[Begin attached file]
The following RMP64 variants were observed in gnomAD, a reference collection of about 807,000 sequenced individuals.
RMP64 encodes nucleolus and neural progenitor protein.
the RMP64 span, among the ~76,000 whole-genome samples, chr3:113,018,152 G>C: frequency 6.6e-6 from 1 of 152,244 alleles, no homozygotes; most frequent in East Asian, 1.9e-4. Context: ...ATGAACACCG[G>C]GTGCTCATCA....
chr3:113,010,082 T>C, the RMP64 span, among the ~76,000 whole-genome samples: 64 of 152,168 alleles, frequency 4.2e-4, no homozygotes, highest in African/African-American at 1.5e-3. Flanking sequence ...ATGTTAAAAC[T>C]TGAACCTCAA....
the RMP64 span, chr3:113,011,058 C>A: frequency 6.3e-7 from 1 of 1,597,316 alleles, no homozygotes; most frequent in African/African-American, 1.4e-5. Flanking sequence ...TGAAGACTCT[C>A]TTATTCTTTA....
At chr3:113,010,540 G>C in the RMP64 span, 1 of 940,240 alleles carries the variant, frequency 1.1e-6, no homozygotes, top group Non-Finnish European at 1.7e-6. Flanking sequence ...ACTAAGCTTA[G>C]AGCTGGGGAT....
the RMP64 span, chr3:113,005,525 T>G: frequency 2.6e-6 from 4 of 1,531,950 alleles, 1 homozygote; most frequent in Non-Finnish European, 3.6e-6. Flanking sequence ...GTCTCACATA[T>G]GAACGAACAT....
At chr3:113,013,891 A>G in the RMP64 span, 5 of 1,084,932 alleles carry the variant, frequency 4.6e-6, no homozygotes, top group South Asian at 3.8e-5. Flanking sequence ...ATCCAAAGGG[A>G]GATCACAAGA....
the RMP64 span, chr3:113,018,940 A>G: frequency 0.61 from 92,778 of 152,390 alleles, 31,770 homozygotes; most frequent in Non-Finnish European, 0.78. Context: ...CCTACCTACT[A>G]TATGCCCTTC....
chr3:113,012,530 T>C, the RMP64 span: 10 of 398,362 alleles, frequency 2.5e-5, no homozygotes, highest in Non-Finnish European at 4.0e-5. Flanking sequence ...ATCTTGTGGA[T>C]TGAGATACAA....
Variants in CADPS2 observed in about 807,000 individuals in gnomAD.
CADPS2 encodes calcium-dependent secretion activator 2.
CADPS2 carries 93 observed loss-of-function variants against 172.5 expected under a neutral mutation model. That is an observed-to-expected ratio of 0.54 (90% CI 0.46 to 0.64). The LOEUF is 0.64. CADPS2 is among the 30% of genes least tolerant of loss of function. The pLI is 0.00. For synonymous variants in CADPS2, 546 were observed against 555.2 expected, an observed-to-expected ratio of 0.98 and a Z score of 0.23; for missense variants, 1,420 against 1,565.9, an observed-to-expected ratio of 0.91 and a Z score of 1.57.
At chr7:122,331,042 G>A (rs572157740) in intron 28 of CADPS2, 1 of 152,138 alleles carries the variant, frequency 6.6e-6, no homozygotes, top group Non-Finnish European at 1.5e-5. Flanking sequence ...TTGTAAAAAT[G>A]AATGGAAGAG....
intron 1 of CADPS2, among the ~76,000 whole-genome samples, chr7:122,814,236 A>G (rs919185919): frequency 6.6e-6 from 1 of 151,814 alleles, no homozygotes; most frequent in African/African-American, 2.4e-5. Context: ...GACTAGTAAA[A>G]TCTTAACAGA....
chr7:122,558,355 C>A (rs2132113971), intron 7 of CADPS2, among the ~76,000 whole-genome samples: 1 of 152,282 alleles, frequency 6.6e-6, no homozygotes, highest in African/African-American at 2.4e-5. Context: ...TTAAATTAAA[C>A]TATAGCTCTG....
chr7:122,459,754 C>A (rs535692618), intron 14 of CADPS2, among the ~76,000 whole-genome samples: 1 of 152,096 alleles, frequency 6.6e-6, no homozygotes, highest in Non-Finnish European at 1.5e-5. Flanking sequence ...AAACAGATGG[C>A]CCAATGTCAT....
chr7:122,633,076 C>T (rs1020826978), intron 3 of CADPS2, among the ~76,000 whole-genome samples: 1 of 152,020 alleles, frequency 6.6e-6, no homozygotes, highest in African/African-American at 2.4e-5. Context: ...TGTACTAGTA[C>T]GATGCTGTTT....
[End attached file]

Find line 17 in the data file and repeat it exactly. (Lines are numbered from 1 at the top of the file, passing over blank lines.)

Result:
chr7:122,459,754 C>A (rs535692618), intron 14 of CADPS2, among the ~76,000 whole-genome samples: 1 of 152,096 alleles, frequency 6.6e-6, no homozygotes, highest in Non-Finnish European at 1.5e-5. Flanking sequence ...AAACAGATGG[C>A]CCAATGTCAT....